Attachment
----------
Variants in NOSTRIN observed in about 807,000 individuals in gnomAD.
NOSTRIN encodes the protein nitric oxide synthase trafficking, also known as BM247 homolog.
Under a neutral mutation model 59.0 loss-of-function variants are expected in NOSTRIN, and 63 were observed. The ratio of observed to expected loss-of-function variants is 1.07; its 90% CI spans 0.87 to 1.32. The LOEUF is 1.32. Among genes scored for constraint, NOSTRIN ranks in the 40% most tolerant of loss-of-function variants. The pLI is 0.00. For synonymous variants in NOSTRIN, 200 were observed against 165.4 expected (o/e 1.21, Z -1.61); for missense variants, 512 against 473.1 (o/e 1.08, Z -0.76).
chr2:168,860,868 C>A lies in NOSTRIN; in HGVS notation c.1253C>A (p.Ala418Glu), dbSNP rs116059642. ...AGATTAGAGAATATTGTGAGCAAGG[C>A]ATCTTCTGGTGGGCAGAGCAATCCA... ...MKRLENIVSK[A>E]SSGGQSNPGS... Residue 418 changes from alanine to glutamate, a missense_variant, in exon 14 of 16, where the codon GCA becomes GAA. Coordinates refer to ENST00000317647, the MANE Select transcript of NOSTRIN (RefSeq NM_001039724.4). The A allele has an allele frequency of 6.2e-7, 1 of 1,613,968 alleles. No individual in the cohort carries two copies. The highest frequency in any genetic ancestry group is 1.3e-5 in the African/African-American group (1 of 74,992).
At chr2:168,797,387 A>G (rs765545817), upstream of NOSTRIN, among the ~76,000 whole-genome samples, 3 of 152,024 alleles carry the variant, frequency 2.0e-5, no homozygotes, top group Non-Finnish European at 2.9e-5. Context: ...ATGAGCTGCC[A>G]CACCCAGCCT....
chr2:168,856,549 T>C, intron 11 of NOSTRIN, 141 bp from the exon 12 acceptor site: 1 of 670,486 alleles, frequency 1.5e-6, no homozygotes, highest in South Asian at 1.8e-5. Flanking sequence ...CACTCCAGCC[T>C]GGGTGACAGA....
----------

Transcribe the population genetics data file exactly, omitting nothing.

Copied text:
Variants in NOSTRIN observed in about 807,000 individuals in gnomAD.
NOSTRIN encodes the protein nitric oxide synthase trafficking, also known as BM247 homolog.
Under a neutral mutation model 59.0 loss-of-function variants are expected in NOSTRIN, and 63 were observed. The ratio of observed to expected loss-of-function variants is 1.07; its 90% CI spans 0.87 to 1.32. The LOEUF is 1.32. Among genes scored for constraint, NOSTRIN ranks in the 40% most tolerant of loss-of-function variants. The pLI is 0.00. For synonymous variants in NOSTRIN, 200 were observed against 165.4 expected (o/e 1.21, Z -1.61); for missense variants, 512 against 473.1 (o/e 1.08, Z -0.76).
chr2:168,860,868 C>A lies in NOSTRIN; in HGVS notation c.1253C>A (p.Ala418Glu), dbSNP rs116059642. ...AGATTAGAGAATATTGTGAGCAAGG[C>A]ATCTTCTGGTGGGCAGAGCAATCCA... ...MKRLENIVSK[A>E]SSGGQSNPGS... Residue 418 changes from alanine to glutamate, a missense_variant, in exon 14 of 16, where the codon GCA becomes GAA. Coordinates refer to ENST00000317647, the MANE Select transcript of NOSTRIN (RefSeq NM_001039724.4). The A allele has an allele frequency of 6.2e-7, 1 of 1,613,968 alleles. No individual in the cohort carries two copies. The highest frequency in any genetic ancestry group is 1.3e-5 in the African/African-American group (1 of 74,992).
At chr2:168,797,387 A>G (rs765545817), upstream of NOSTRIN, among the ~76,000 whole-genome samples, 3 of 152,024 alleles carry the variant, frequency 2.0e-5, no homozygotes, top group Non-Finnish European at 2.9e-5. Context: ...ATGAGCTGCC[A>G]CACCCAGCCT....
chr2:168,856,549 T>C, intron 11 of NOSTRIN, 141 bp from the exon 12 acceptor site: 1 of 670,486 alleles, frequency 1.5e-6, no homozygotes, highest in South Asian at 1.8e-5. Flanking sequence ...CACTCCAGCC[T>C]GGGTGACAGA....